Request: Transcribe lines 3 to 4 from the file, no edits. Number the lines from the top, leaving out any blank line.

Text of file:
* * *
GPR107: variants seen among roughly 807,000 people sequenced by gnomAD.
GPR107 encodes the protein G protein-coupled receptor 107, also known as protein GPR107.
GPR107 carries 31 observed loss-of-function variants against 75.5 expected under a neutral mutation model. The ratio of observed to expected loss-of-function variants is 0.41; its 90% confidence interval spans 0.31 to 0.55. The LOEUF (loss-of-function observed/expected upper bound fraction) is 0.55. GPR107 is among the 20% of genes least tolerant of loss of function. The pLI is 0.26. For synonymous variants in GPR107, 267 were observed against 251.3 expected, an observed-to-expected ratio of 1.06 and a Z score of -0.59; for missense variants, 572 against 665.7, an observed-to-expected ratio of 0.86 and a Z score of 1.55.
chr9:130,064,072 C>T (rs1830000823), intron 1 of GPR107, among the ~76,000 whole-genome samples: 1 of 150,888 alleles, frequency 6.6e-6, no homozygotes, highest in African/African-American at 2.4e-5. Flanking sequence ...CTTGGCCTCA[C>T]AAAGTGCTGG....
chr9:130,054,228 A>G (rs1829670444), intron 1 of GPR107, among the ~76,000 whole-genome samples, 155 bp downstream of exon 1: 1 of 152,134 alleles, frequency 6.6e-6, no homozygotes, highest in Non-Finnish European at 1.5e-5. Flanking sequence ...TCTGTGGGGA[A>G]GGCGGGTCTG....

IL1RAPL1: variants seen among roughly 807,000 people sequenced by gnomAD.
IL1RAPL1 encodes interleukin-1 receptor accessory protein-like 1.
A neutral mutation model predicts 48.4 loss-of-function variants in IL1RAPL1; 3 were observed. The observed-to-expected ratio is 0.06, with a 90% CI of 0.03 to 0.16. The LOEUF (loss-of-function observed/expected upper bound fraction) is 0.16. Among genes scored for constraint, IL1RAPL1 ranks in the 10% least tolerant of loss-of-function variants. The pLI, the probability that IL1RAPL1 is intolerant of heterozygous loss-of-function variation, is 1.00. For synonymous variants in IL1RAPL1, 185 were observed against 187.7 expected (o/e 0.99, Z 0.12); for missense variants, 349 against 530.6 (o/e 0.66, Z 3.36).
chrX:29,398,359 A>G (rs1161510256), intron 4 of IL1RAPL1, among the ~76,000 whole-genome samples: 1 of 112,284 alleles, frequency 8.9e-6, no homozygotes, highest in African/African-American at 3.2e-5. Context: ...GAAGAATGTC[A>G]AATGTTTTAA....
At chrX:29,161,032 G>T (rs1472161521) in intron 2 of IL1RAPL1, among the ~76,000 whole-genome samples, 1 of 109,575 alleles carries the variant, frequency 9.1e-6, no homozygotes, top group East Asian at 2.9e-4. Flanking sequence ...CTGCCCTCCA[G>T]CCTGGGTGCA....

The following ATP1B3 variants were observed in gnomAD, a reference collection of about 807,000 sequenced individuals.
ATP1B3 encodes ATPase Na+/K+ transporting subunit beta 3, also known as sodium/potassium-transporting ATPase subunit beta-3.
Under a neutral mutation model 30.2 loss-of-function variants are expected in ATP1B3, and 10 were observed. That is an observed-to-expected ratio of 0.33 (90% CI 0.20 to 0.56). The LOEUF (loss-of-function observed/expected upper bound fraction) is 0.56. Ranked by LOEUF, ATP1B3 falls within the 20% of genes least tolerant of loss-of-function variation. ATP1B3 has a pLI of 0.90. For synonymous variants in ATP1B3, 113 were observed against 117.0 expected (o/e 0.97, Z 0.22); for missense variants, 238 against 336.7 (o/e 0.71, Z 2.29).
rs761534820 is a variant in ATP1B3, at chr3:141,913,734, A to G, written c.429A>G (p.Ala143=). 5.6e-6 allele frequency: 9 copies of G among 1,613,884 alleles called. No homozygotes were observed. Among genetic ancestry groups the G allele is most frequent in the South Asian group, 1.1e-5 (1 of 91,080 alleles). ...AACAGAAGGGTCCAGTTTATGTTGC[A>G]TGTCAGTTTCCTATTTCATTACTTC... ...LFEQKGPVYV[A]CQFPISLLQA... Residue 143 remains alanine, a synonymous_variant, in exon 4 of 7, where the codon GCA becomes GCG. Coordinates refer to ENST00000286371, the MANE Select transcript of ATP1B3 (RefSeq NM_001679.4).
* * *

GPR107 carries 31 observed loss-of-function variants against 75.5 expected under a neutral mutation model. The ratio of observed to expected loss-of-function variants is 0.41; its 90% confidence interval spans 0.31 to 0.55. The LOEUF (loss-of-function observed/expected upper bound fraction) is 0.55. GPR107 is among the 20% of genes least tolerant of loss of function. The pLI is 0.26. For synonymous variants in GPR107, 267 were observed against 251.3 expected, an observed-to-expected ratio of 1.06 and a Z score of -0.59; for missense variants, 572 against 665.7, an observed-to-expected ratio of 0.86 and a Z score of 1.55.
chr9:130,064,072 C>T (rs1830000823), intron 1 of GPR107, among the ~76,000 whole-genome samples: 1 of 150,888 alleles, frequency 6.6e-6, no homozygotes, highest in African/African-American at 2.4e-5. Flanking sequence ...CTTGGCCTCA[C>T]AAAGTGCTGG....